I found Tim’s tablets in his backpack four days after he moved lock, stock and barrel into my flat. I was extremely shocked that he hasn’t told me he was taking strong anti-depressant and anxiety medicines. 

What I wasn’t was put off. 

What I wasn’t was in doubt of his masculine credentials 

What I wasn’t was “outta there!”

I was pissed off the little shit had lied. I was confused because he had presented as quite an emotionally dexterous person. I was mostly at a loss as to why he didn’t feel he could confide in me, as we seemed so close.

It was then I realised I didn’t actually know that much about blokes. They were suddenly alien to me. 

You see the thing about us chicks is that we could talk about our emotions until the cows come home (I actually view gender as an infinite spectrum but mean this in a presumptuous, simplistic and traditional binary sense). We learn it from our friends and mothers, we hear it on the TV, we are marketed, we are encouraged to do it at school. But we also make the mistake of often assuming men don’t do this out of choice, and it drives us to distraction. 

This is a common mistake. We blame men for not talking about their emotions by constantly corroborating the culture that keeps them silent. All of us are doing it. Every time we tell a little boy to “man up”, when we gender play to make girls passive and boys strong aggressors, when we teach our daughters that men just aren’t good communicators, when we laugh at boys for using girlish words to describe how they feel.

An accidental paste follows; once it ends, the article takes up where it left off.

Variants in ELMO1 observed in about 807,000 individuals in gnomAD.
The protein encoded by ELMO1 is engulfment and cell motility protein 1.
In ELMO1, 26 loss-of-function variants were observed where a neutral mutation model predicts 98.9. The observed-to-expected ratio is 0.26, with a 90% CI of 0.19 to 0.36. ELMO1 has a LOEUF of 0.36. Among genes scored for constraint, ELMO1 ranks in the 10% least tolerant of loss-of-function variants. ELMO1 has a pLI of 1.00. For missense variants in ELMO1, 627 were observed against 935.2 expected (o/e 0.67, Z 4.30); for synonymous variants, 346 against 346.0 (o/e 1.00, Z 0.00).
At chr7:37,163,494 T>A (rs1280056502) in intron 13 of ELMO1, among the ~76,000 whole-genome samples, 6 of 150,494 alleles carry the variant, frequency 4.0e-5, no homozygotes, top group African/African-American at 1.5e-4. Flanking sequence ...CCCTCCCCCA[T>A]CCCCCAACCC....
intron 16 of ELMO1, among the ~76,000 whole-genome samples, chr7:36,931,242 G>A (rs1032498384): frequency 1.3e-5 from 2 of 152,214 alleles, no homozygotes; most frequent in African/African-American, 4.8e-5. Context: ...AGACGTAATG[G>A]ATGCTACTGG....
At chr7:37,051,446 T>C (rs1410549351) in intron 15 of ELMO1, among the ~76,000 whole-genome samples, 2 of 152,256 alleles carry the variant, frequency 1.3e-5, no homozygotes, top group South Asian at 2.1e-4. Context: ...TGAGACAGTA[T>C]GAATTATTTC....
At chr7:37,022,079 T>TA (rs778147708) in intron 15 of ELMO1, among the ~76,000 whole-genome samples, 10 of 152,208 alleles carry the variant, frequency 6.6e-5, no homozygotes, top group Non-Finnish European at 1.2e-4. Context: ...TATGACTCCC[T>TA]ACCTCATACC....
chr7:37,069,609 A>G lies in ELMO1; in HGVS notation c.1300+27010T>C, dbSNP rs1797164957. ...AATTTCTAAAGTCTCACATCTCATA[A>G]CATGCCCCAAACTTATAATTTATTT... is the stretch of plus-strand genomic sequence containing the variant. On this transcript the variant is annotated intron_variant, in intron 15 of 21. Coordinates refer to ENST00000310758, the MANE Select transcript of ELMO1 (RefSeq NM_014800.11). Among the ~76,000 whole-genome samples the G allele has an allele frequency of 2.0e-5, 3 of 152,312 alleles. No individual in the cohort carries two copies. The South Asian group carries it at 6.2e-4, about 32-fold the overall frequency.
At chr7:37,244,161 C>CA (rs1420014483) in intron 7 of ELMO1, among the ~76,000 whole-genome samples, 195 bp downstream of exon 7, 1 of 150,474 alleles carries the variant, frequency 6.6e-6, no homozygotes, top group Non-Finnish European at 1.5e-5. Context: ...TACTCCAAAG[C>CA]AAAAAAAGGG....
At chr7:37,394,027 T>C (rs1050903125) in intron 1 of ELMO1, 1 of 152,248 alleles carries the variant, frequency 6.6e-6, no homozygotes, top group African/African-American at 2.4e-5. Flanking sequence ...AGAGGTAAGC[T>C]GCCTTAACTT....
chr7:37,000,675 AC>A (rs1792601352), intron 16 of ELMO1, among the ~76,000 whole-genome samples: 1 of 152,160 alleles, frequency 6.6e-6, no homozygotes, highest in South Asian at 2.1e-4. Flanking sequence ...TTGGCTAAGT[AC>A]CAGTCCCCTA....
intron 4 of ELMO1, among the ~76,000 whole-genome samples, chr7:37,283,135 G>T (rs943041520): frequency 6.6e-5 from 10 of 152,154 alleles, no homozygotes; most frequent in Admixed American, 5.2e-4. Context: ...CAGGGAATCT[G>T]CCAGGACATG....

I made Tim tell me everything. He assumed I would leave him the night of the tablet discovery. He assumed I would want someone stronger and more in control, when all I ever wanted as a girl (and I can speak for so many more women like me no doubt!), was a boyfriend who was able to talk to me emotionally… God, not just about how he felt about me (gross, this isn’t a rom-com!), but about the world ad infinitum. How the destruction of the planet made his soul hurt, how it was so brilliant that admitting he had mental health problems to his mates had made them infinitely closer, how having felt the depths of suicidal despair he could identify with people who had suffered great loss. This to many girls is a deep relationship. Not protection, not strength in situations (we often nowadays have that covered ourselves as feminists, thanks), but more an equal partnership of closeness and deep emotional connection. The person who knows your fears, loves your warts and looks after you … both ways round.

When I met Tim that night in Dalston I saw a rowdy funny twat, just like all the other media types who frequent that area on the search of cool.  What I got (after a long period of finding ourselves and experimenting with drugs and a LOT of talking) was both a re-wiring of what it took to be a man and what it took to be a woman. Turns out it’s exactly the same thing.

I know CALM is already always encouraging men to speak to other men but I also implore men to speak to women. We have years of loved experience and are crying out for you to let your guards down and do so.

It’s actually very sexy.”

Follow Bryony: @BryonyKimmings

Fake It Til’ You Make It is at the Soho Theatre, London from 22nd September – 17th October 2015 

BOOK TICKETS HERE

“Bold, Brave and very brilliant” The Independent

“One of the funniest, most charming things i’ve seen in an age” Time Out

“An unabashedly wacky sweetheart with a delightful anything goes air” The Times